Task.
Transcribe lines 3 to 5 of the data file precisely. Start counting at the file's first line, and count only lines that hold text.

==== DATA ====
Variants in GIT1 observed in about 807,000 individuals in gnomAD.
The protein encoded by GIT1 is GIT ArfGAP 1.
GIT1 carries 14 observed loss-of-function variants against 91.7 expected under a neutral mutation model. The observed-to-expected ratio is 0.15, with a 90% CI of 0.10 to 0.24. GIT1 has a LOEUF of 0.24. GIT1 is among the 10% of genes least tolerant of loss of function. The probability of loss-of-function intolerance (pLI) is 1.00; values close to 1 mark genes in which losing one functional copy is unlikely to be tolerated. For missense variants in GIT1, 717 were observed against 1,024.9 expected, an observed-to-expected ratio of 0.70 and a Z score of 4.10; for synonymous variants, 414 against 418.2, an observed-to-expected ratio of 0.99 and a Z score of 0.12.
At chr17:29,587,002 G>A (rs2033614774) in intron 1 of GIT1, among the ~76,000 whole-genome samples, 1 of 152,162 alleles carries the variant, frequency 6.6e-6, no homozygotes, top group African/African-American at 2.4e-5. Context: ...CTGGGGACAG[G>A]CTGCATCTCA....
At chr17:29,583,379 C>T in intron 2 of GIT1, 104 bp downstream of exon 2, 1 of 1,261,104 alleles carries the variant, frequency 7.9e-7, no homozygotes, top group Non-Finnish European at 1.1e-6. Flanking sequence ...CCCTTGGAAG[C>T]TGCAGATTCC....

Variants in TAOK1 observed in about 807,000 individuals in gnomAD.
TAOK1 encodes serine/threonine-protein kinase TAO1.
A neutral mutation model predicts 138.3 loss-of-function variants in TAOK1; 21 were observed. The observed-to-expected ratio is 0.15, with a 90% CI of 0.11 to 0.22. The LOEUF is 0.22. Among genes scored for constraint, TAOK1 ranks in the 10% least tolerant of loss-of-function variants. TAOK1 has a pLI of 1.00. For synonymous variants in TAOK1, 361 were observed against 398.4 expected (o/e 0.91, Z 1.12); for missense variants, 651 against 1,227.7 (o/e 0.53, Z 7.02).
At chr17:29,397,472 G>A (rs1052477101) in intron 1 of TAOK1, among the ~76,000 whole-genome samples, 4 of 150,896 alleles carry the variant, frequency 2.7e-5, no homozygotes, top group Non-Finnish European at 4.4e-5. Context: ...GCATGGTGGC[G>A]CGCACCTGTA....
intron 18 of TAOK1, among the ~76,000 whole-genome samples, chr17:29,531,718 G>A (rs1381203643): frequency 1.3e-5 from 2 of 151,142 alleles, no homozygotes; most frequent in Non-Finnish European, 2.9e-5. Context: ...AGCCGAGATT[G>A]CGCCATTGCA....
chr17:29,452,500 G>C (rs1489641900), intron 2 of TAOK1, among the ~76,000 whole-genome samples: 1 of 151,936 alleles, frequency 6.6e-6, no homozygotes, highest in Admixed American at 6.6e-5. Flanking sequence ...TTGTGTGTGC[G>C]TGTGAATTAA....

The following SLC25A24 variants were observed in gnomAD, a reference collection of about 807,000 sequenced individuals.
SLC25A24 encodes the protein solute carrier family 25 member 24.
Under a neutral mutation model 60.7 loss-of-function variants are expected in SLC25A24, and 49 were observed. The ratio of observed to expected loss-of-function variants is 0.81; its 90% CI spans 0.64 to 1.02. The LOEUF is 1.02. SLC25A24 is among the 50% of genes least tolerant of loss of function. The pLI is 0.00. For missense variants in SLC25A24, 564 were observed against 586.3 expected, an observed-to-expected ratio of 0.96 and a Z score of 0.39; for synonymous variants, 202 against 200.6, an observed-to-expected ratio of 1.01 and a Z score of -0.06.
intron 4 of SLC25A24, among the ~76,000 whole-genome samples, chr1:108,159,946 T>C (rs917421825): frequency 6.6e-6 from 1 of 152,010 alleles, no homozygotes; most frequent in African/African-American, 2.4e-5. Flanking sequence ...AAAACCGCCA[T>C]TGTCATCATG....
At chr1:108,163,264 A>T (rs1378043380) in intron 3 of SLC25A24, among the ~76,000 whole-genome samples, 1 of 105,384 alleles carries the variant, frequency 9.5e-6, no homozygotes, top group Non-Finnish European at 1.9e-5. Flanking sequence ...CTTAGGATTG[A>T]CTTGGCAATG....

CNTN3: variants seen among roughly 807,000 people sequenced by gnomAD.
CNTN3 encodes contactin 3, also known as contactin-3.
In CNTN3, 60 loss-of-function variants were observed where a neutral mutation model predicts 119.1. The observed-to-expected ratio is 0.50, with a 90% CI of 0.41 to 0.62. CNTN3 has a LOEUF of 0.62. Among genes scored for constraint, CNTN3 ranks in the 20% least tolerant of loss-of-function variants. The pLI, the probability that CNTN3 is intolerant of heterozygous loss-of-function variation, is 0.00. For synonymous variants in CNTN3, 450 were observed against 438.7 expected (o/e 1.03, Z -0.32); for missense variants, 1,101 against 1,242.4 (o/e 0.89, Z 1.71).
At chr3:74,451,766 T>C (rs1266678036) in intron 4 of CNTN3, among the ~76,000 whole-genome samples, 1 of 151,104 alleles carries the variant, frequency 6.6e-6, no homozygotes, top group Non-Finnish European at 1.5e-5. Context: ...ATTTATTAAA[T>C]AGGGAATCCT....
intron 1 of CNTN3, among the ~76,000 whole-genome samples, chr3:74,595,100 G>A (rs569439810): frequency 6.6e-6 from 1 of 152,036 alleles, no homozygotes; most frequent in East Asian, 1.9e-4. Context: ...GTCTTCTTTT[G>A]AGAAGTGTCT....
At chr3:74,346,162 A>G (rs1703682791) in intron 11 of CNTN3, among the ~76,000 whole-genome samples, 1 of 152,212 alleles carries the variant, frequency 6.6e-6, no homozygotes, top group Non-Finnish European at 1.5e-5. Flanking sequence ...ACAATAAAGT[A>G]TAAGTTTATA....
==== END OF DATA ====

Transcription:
GIT1 carries 14 observed loss-of-function variants against 91.7 expected under a neutral mutation model. The observed-to-expected ratio is 0.15, with a 90% CI of 0.10 to 0.24. GIT1 has a LOEUF of 0.24. GIT1 is among the 10% of genes least tolerant of loss of function. The probability of loss-of-function intolerance (pLI) is 1.00; values close to 1 mark genes in which losing one functional copy is unlikely to be tolerated. For missense variants in GIT1, 717 were observed against 1,024.9 expected, an observed-to-expected ratio of 0.70 and a Z score of 4.10; for synonymous variants, 414 against 418.2, an observed-to-expected ratio of 0.99 and a Z score of 0.12.
At chr17:29,587,002 G>A (rs2033614774) in intron 1 of GIT1, among the ~76,000 whole-genome samples, 1 of 152,162 alleles carries the variant, frequency 6.6e-6, no homozygotes, top group African/African-American at 2.4e-5. Context: ...CTGGGGACAG[G>A]CTGCATCTCA....
At chr17:29,583,379 C>T in intron 2 of GIT1, 104 bp downstream of exon 2, 1 of 1,261,104 alleles carries the variant, frequency 7.9e-7, no homozygotes, top group Non-Finnish European at 1.1e-6. Flanking sequence ...CCCTTGGAAG[C>T]TGCAGATTCC....